University Of Iowa. "Researchers Identify A Gene That Causes Juvenile Polyposis." ScienceDaily. ScienceDaily, 20 May 1998. <www.sciencedaily.com/releases/1998/05/980520081348.htm>.
University Of Iowa. (1998, May 20). Researchers Identify A Gene That Causes Juvenile Polyposis. ScienceDaily. Retrieved September 30, 2014 from www.sciencedaily.com/releases/1998/05/980520081348.htm
University Of Iowa. "Researchers Identify A Gene That Causes Juvenile Polyposis." ScienceDaily. www.sciencedaily.com/releases/1998/05/980520081348.htm (accessed September 30, 2014).

Share This



More Health & Medicine News

Tuesday, September 30, 2014

Featured Research

from universities, journals, and other organizations


Featured Videos

from AP, Reuters, AFP, and other news services

How 'Yes Means Yes' Defines Sexual Assault

How 'Yes Means Yes' Defines Sexual Assault

Newsy (Sep. 29, 2014) Aimed at reducing sexual assaults on college campuses, California has adopted a new law changing the standard of consent for sexual activity. Video provided by Newsy
Powered by NewsLook.com
Scientists May Have Found An Early Sign Of Pancreatic Cancer

Scientists May Have Found An Early Sign Of Pancreatic Cancer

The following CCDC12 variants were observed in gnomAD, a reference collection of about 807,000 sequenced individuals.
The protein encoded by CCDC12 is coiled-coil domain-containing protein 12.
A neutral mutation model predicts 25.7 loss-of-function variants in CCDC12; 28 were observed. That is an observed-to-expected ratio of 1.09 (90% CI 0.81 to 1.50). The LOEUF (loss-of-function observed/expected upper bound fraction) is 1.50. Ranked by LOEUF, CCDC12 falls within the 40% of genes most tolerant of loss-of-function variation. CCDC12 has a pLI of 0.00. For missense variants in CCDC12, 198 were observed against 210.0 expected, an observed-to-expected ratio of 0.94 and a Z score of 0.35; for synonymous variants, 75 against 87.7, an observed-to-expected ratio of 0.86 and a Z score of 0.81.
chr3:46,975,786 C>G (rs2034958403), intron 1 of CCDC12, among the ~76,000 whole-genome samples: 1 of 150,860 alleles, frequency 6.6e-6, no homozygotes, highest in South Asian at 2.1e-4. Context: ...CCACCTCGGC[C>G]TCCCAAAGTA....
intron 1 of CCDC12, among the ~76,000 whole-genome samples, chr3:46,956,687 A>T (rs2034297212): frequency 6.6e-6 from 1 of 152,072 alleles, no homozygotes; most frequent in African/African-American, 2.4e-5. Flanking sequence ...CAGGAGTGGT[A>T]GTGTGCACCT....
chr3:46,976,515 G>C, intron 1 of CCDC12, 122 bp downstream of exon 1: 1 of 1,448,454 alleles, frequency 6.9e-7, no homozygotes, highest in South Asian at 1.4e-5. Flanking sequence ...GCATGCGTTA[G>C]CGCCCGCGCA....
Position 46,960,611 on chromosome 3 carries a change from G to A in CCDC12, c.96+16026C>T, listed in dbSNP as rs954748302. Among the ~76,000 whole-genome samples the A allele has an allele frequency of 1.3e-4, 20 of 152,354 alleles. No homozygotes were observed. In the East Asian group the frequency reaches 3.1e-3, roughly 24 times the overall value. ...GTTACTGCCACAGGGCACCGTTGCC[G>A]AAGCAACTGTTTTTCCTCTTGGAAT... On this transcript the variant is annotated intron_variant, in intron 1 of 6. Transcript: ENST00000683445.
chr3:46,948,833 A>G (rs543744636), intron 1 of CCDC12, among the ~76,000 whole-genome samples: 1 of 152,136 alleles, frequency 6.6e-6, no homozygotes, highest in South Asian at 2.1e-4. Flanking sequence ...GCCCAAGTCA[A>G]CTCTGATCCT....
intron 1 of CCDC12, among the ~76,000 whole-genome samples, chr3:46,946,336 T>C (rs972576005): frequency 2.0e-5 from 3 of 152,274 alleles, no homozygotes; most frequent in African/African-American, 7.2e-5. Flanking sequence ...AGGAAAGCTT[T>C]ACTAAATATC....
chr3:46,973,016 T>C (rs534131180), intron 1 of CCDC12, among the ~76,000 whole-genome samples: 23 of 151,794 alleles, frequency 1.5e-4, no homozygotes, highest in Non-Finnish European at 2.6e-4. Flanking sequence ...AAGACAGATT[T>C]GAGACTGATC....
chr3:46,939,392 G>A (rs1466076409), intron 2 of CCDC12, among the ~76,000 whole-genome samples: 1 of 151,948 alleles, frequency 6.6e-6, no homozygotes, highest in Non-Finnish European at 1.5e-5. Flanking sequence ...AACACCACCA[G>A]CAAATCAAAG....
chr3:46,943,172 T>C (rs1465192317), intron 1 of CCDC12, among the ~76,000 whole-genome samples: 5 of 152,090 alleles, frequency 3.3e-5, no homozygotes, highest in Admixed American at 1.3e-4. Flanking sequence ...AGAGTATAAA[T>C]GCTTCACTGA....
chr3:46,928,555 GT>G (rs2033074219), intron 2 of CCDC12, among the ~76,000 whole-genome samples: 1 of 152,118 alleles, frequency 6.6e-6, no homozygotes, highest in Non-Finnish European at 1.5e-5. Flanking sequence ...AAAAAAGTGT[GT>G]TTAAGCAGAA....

Newsy (Sep. 29, 2014) Researchers looked at 1,500 blood samples and determined people who developed pancreatic cancer had more branched chain amino acids. Video provided by Newsy
Powered by NewsLook.com
Colo. Doctors See Cluster of Enterovirus Cases

Colo. Doctors See Cluster of Enterovirus Cases

AP (Sep. 29, 2014) Doctors at the Children's Hospital of Colorado say they have treated over 4,000 children with serious respiratory illnesses since August. Nine of the patients have shown distinct neurological symptoms, including limb weakness. (Sept. 29) Video provided by AP
Powered by NewsLook.com
Dr.'s Unsure of Cause of Fast-Spreading Virus

Dr.'s Unsure of Cause of Fast-Spreading Virus

AP (Sep. 29, 2014) Doctors at the Children's Hospital of Colorado say they have treated over 4,000 children with serious respiratory illnesses since August. Nine of the patients have shown distinct neurological symptoms, including limb weakness. (Sept. 29) Video provided by AP
Powered by NewsLook.com

Search ScienceDaily

Number of stories in archives: 140,361

Find with keyword(s):
Enter a keyword or phrase to search ScienceDaily for related topics and research stories.

Save/Print:
Share:

Breaking News:

Strange & Offbeat Stories


Health & Medicine

Mind & Brain

Living & Well

In Other News

... from NewsDaily.com

Science News

Health News

Environment News

Technology News



Save/Print:
Share:

Free Subscriptions


Get the latest science news with ScienceDaily's free email newsletters, updated daily and weekly. Or view hourly updated newsfeeds in your RSS reader:

Get Social & Mobile


Keep up to date with the latest news from ScienceDaily via social networks and mobile apps:

Have Feedback?


Tell us what you think of ScienceDaily -- we welcome both positive and negative comments. Have any problems using the site? Questions?
Mobile: iPhone Android Web
Follow: Facebook Twitter Google+
Subscribe: RSS Feeds Email Newsletters
Latest Headlines Health & Medicine Mind & Brain Space & Time Matter & Energy Computers & Math Plants & Animals Earth & Climate Fossils & Ruins